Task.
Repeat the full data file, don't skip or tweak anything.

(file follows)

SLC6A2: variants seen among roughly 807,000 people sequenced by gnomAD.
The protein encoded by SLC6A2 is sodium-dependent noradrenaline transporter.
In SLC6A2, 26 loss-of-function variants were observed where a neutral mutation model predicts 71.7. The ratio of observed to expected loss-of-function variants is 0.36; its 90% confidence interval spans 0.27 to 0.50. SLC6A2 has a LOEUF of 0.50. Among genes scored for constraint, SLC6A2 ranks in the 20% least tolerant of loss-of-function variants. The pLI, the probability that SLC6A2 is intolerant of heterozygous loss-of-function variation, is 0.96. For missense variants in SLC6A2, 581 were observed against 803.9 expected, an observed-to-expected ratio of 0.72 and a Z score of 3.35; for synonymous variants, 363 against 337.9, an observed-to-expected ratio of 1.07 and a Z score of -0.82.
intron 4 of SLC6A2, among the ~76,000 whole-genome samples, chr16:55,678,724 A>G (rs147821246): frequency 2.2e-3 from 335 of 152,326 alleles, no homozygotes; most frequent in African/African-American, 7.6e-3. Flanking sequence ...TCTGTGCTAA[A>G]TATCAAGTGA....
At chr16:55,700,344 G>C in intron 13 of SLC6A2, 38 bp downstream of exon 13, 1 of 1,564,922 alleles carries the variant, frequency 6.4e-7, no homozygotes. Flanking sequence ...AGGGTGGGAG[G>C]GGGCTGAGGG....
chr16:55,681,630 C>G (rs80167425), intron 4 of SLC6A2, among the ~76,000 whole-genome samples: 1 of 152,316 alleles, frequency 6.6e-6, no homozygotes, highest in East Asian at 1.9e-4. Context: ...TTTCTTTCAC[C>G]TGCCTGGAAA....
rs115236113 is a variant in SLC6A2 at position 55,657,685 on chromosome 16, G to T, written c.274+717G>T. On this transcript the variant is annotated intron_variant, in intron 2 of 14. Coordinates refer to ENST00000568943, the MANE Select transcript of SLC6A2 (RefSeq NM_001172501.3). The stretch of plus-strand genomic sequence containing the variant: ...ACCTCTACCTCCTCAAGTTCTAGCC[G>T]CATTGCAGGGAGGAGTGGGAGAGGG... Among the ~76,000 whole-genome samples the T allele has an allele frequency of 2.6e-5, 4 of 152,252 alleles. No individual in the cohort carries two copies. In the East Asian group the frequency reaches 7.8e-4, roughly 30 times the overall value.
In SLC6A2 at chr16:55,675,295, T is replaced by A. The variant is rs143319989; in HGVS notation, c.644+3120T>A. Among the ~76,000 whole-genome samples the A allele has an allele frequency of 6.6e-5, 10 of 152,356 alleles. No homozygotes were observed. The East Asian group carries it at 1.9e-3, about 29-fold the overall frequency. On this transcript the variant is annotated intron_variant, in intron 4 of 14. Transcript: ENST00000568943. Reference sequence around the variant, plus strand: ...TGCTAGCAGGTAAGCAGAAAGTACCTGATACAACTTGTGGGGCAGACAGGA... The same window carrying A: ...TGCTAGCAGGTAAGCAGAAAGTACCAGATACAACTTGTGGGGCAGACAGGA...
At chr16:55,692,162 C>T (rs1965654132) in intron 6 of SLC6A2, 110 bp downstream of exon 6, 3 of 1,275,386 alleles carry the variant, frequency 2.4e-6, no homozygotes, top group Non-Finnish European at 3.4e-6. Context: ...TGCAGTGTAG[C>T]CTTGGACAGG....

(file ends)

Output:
SLC6A2: variants seen among roughly 807,000 people sequenced by gnomAD.
The protein encoded by SLC6A2 is sodium-dependent noradrenaline transporter.
In SLC6A2, 26 loss-of-function variants were observed where a neutral mutation model predicts 71.7. The ratio of observed to expected loss-of-function variants is 0.36; its 90% confidence interval spans 0.27 to 0.50. SLC6A2 has a LOEUF of 0.50. Among genes scored for constraint, SLC6A2 ranks in the 20% least tolerant of loss-of-function variants. The pLI, the probability that SLC6A2 is intolerant of heterozygous loss-of-function variation, is 0.96. For missense variants in SLC6A2, 581 were observed against 803.9 expected, an observed-to-expected ratio of 0.72 and a Z score of 3.35; for synonymous variants, 363 against 337.9, an observed-to-expected ratio of 1.07 and a Z score of -0.82.
intron 4 of SLC6A2, among the ~76,000 whole-genome samples, chr16:55,678,724 A>G (rs147821246): frequency 2.2e-3 from 335 of 152,326 alleles, no homozygotes; most frequent in African/African-American, 7.6e-3. Flanking sequence ...TCTGTGCTAA[A>G]TATCAAGTGA....
At chr16:55,700,344 G>C in intron 13 of SLC6A2, 38 bp downstream of exon 13, 1 of 1,564,922 alleles carries the variant, frequency 6.4e-7, no homozygotes. Flanking sequence ...AGGGTGGGAG[G>C]GGGCTGAGGG....
chr16:55,681,630 C>G (rs80167425), intron 4 of SLC6A2, among the ~76,000 whole-genome samples: 1 of 152,316 alleles, frequency 6.6e-6, no homozygotes, highest in East Asian at 1.9e-4. Context: ...TTTCTTTCAC[C>G]TGCCTGGAAA....
rs115236113 is a variant in SLC6A2 at position 55,657,685 on chromosome 16, G to T, written c.274+717G>T. On this transcript the variant is annotated intron_variant, in intron 2 of 14. Coordinates refer to ENST00000568943, the MANE Select transcript of SLC6A2 (RefSeq NM_001172501.3). The stretch of plus-strand genomic sequence containing the variant: ...ACCTCTACCTCCTCAAGTTCTAGCC[G>T]CATTGCAGGGAGGAGTGGGAGAGGG... Among the ~76,000 whole-genome samples the T allele has an allele frequency of 2.6e-5, 4 of 152,252 alleles. No individual in the cohort carries two copies. In the East Asian group the frequency reaches 7.8e-4, roughly 30 times the overall value.
In SLC6A2 at chr16:55,675,295, T is replaced by A. The variant is rs143319989; in HGVS notation, c.644+3120T>A. Among the ~76,000 whole-genome samples the A allele has an allele frequency of 6.6e-5, 10 of 152,356 alleles. No homozygotes were observed. The East Asian group carries it at 1.9e-3, about 29-fold the overall frequency. On this transcript the variant is annotated intron_variant, in intron 4 of 14. Transcript: ENST00000568943. Reference sequence around the variant, plus strand: ...TGCTAGCAGGTAAGCAGAAAGTACCTGATACAACTTGTGGGGCAGACAGGA... The same window carrying A: ...TGCTAGCAGGTAAGCAGAAAGTACCAGATACAACTTGTGGGGCAGACAGGA...
At chr16:55,692,162 C>T (rs1965654132) in intron 6 of SLC6A2, 110 bp downstream of exon 6, 3 of 1,275,386 alleles carry the variant, frequency 2.4e-6, no homozygotes, top group Non-Finnish European at 3.4e-6. Context: ...TGCAGTGTAG[C>T]CTTGGACAGG....